It may come as a surprise to learn that other than one burgundy sitting room and one royal purple guest bath, the majority of the walls in the Little Gothic Cottage are still painted Lancaster Whitewash. Except for the ones painted Kendall Charcoal, a colour which is slowly creeping from one wall to the next, helping relieve the monotony of endless white walls without having to commit to a decision on the final colour scheme for the cottage.
When this bookcase was discovered in an antique mall recently, at 25% off an already reasonable price, it seemed an ideal solution to the problem of the ten unpacked boxes of art and home decor books in the basement, still needing to find someplace to live other than inside a box.
But when one makes the poorly thought-out decision to bring a new piece of furniture into an already full cottage, things invariably need rearranging. As it happens, the only available wall that could accommodate the piece was next to the first piece of furniture the insomniac's father made for her when she vacated the parental home many decades ago. Forty-three years later it needs refinishing but first, all the books need to be removed from the shelves so they can be stored on the guest bathroom floor until the proper wood stain is procured and the drop-cloth located in the basement.
Luckily there are three bathrooms in the Little Gothic Cottage so there's no great rush.
An emptied bookshelf provides the perfect opportunity to paint behind it, but before a person can decide exactly what that paint colour should be, it's also likely she'll decide it's high time to wallpaper behind the fireplace since paint and wallpaper will need to complement one another.
Endless hours will be spent online searching for the perfect Wm. Morris wallpaper before discovering Blackthorn from House of Hackney in the perfect colourway of black, teal, grey and burgundy. But at £148 per roll, one would need to sell at least one, if not both, of her offspring to pay for it.
She would also need to need to win a 1930's Everything you Need to Know about Hanging Wallpaper booklet off eBay to refresh her memory as to how unpasted wallpaper is hung, as she may have forgotten a few important details since taking a course on the subject over a quarter of a century ago.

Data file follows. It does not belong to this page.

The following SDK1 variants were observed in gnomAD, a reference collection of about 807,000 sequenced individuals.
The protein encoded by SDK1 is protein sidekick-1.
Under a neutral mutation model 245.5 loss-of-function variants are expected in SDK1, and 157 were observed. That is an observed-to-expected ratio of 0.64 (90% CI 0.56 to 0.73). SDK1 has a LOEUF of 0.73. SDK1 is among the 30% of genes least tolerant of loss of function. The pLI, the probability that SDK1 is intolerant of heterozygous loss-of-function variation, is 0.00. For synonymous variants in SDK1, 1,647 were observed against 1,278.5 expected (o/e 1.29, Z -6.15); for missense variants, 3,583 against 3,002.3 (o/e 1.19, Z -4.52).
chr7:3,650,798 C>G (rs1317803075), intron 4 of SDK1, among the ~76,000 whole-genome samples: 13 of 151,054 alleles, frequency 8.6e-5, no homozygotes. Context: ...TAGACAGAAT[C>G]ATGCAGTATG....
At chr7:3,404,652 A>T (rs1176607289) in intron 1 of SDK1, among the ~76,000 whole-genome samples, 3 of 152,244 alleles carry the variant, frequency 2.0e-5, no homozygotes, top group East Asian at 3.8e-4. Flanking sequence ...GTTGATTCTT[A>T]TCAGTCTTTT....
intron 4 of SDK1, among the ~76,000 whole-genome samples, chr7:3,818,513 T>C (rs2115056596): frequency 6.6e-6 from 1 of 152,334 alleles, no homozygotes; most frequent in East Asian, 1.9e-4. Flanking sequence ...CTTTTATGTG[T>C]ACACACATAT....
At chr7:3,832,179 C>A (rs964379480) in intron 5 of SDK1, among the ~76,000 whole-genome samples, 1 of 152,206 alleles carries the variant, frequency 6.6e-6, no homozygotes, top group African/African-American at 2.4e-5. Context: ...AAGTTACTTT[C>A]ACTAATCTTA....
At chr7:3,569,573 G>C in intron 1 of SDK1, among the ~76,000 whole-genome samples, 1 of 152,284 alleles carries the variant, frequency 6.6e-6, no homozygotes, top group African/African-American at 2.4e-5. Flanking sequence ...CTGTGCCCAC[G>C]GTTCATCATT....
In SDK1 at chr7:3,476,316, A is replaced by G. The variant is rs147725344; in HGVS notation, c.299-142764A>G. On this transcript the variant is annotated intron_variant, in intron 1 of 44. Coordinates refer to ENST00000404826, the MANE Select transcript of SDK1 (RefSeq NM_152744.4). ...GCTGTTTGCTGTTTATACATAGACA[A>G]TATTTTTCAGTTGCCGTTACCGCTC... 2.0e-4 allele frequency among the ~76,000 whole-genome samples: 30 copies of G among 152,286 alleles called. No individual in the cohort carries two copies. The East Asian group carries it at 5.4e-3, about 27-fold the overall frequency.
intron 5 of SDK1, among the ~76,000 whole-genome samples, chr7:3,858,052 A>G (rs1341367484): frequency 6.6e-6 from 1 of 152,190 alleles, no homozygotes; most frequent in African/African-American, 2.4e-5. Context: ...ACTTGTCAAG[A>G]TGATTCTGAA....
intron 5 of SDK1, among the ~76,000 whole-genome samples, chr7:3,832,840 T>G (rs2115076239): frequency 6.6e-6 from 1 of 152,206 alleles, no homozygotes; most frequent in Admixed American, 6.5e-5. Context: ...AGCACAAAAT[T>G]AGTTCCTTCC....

So until such time as one can procure a decent price for her first-born or her next pension cheque arrives - whichever comes first - all of these projects have been set aside for the time being.
Fortunately the insomniac did win the book, as it's practically a certainty she would, of course, have been facing the wrong way when hanging the wallpaper. Hopefully her hat and bow-tie are still packed in with her painting clothes so she won't need to run out and buy replacements, causing further delays once the wallpaper is finally ordered.
To keep herself occupied until all the pieces of the wallpapering project eventually come together, she started making a pillow from half of a beaded tea cozy, but soon put it aside when the sound of microscopic beads flying off in all directions as she was sewing began to get on her nerves.
Turning her attention to a small cabinet also recently purchased, she proceeded to scrape off pieces of paint with her favourite tool - Grandpa Smith's old kitchen knife, which has been sharpened so many times the blade is paper thin and sharp as a ... um ... knife. The cabinet is now being used to store sewing trims, despite labels clearly indicating it was meant to store Electrical &c.
Grandpa's knife is also perfect for releasing muffins from their muffin tin, making it important to remember to wash it thoroughly before putting it away in the kitchen drawer.
Being a different wood than the drawers, the cabinet top didn't take the stain as well as originally hoped and might eventually be painted black to match the wooden drawer pulls. Covered with a few decorative pieces, it doesn't look half bad and will probably end up staying exactly as is - and not because one hasn't a clue where to find the black paint either.
Another massive project recently undertaken was the relocation of a burgundy floor lamp from the burgundy room, where it all but disappeared into the wall colour, into the grey room, where it displays a bit better. The light hasn't worked since it came out of storage seventeen months ago and needs rewiring. The tiny half-moon table was moved downstairs from the guest bedroom and, once the light is fixed, that end of the sofa will be a perfect spot for drinking tea and daydreaming about future decorating plans in front of the fire. And perhaps knit.